Ernest Pico was born in Santa Barbara on January 1, 1935, the son of Ernest Pico and Georgia Guevara Cota Pico. He served in the Navy, was a friar in the Franciscan Order of the Province of Saint Barbara, and taught dance for many years. I had the pleasure of meeting him at his residence in Santa Barbara on September 13, 2018. Also present was a mutual friend, Anne Hollister, and Michael Giorgi, who arranged the interview. We chatted casually for a while, and then I launched into a few of my standard questions.
“What is your source of strength?” I asked him.
“God,” he answered, simply and without hesitation.
“And what are you most proud of?” I asked.
“All of it,” he replied. “My life. All the things I’ve experienced.”
But the theme that seemed to run through his reminiscences most consistently was dance.
In the following audio-clip, you can hear Ernie talking about some of his experiences as a dancer and a teacher of dance.
And here’s a telling little vignette…when you need to dance, you dance! (And is it madness, or joyful defiance?)
Ernie grew up in an area of Santa Barbara called Sycamore Canyon. “There were Indian caves we used to play in, as children,” he told us. “My dad said that when he was a child, there were paintings in the caves, but someone scraped them off. I never got to see them.”
“But Sycamore Canyon is very unique,” adds Anne. “It has high walls, but it doesn’t feel enclosed. There’s an openness about it, and when Ernie took me back into that area, I felt that the vibes were really strong, positive people-vibes. It felt like they all respected the land and used it appropriately for a long time.”
“It’s kind of hidden,” says Ernie. “You can’t see it from the street because it’s set way back, and if you don’t know how to get there, you’d miss it. My great-grandfather’s house is still standing. That was the Flores side of the family."
“I had three sisters. My mother taught us to clean house wash dishes, cook, and bake. We picked plums, apricots, and peaches, and gathered what we found growing nearby. I used to make salads with mustard greens and wild spinach. We picked blackberries that grew near the creeks and made blackberry ice cream and pie. I still love to cook.”
“I played with my cousins as a kid. We did challenging stuff. We walked on stilts in the hills to see who could walk up or down the hill without falling. We had contests. We had go-carts. We’d go up or down the road. There was hardly any traffic, and we’d pick up momentum as we’d come down, but there weren’t any cars to worry about then.”
“My great-grandmother Presentacion Valencia, my father’s grandmother, was a full-blooded Chumash, born on the reservation in Santa Ynez. She died before I was born, but she loved to dance. Maybe that’s where the dancing comes from.”
In 1958, Ernie was part of a U.S. Naval unit stationed on Bikini Island in the Pacific during atomic bomb tests. “We were guinea pigs,” he told us matter-of-factly. “It was frightening. You couldn’t watch, or you’d go blind. We couldn’t even start the engines of the ship because the water was so contaminated afterwards, it would contaminate the ship. We had to sit, still as ducks, until the currents took it away. I later learned that a lot of Native Americans survived, and the rest had cancer.”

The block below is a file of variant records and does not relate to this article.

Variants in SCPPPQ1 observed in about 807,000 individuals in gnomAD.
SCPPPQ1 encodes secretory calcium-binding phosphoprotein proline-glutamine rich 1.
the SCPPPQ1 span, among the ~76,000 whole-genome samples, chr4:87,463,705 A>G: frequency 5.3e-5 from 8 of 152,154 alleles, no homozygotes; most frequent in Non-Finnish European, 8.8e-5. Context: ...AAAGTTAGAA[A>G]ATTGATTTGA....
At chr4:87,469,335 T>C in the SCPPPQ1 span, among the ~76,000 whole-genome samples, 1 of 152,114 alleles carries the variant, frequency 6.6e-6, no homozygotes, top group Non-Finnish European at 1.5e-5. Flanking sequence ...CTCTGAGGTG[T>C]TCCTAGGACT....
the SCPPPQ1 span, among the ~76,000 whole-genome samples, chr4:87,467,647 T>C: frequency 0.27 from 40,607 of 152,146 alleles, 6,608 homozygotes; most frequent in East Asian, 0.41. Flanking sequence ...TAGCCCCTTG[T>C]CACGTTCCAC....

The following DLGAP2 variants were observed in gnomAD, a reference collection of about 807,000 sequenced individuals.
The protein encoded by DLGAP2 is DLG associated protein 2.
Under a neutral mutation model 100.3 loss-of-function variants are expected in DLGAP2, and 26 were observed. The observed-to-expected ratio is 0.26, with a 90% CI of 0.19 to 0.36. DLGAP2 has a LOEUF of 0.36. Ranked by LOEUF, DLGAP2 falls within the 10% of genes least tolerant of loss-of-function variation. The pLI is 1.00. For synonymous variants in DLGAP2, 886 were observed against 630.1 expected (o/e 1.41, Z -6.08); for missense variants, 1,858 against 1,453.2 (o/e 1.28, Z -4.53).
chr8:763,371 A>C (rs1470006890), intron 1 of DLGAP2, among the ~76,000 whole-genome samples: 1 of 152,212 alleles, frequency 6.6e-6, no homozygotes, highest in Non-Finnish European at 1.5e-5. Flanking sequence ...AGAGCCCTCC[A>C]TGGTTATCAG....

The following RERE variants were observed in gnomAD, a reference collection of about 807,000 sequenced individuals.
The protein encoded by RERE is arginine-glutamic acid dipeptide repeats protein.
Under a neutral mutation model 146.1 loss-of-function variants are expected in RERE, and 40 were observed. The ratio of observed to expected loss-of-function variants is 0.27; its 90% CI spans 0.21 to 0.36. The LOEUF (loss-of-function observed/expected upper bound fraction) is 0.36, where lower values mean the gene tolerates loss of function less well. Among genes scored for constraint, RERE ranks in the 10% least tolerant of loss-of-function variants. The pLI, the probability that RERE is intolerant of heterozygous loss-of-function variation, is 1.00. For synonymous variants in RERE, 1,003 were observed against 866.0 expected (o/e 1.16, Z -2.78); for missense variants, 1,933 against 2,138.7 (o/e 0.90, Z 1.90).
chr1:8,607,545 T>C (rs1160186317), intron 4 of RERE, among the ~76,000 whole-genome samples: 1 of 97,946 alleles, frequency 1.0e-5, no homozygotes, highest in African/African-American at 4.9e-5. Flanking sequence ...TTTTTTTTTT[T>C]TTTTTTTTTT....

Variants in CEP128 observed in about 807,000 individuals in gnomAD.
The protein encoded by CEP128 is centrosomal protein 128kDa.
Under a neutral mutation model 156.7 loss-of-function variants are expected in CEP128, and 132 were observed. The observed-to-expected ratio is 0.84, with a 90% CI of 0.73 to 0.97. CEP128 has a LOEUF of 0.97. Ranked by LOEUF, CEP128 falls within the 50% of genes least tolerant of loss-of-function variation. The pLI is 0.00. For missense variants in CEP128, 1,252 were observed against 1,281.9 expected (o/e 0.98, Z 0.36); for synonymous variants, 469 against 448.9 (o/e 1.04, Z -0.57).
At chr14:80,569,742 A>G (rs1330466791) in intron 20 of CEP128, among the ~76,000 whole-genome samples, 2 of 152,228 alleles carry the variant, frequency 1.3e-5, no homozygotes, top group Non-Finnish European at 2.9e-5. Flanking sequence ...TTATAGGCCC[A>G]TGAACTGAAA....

In 1979, Ernie became a Franciscan Brother with the Franciscans of the Province of Saint Barbara, in Oakland, California. As a novice, he worked for a while with terminally ill patients and their families. In time, though, he found his way back to dance again, and through dance, he has made a difference in many lives. Even today, he is teaching seniors two days a week at Garden Court, a local residence, to “tone their muscles from their feet to their head”. It’s a prerequisite, he explains, for them to take a dance class with him.
He’s also skipping dinner once a week to take dance classes himself, because he wants to dance at the next Fiesta, and he intends to be in shape for it. “If I make it,” he says, “I’ll be the oldest performer on stage.”
Among my favorite stories that Ernie shared is this one, about teaching dance to the children at the Pala Indian Reservation, and taking them to see the ocean for the first time in their lives.
I asked Ernie what wisdom he would offer to a young person in need of advice. “You need to pursue what you want to pursue,” he told us. “If you’re not hurting anyone, go ahead.”
“How do you keep from getting discouraged?”
“Friendships,” he replied.
“And what is your current state of mind?” I asked.
“Lousy,” he admitted, with a laugh. “I have a lot of health problems. I have to have eye surgery. I’ve had a hip replacement, a pacemaker…I’m bionic. Now they want to do surgery for a pinched nerve. And I have leukemia. I’ll start next week at the cancer clinic. But I don’t dwell on the negatives. I try to stay busy.”
“And he keeps me laughing,” Anne was quick to point out. “He’s a very inspiring man, no matter what his health issues are.”
I can see that it’s true. Ernie Pico has a certain spirit and charisma, and I could not help but notice as we sat in the building’s spacious entry room, that everyone who passed through seemed to know him.
A sense of humor, a kind heart, and the ability to dance are pretty powerful attributes.
“How would you like to be remembered?” I asked him.
“As a dancer,” he replies.
A dancer it is. And a very good man.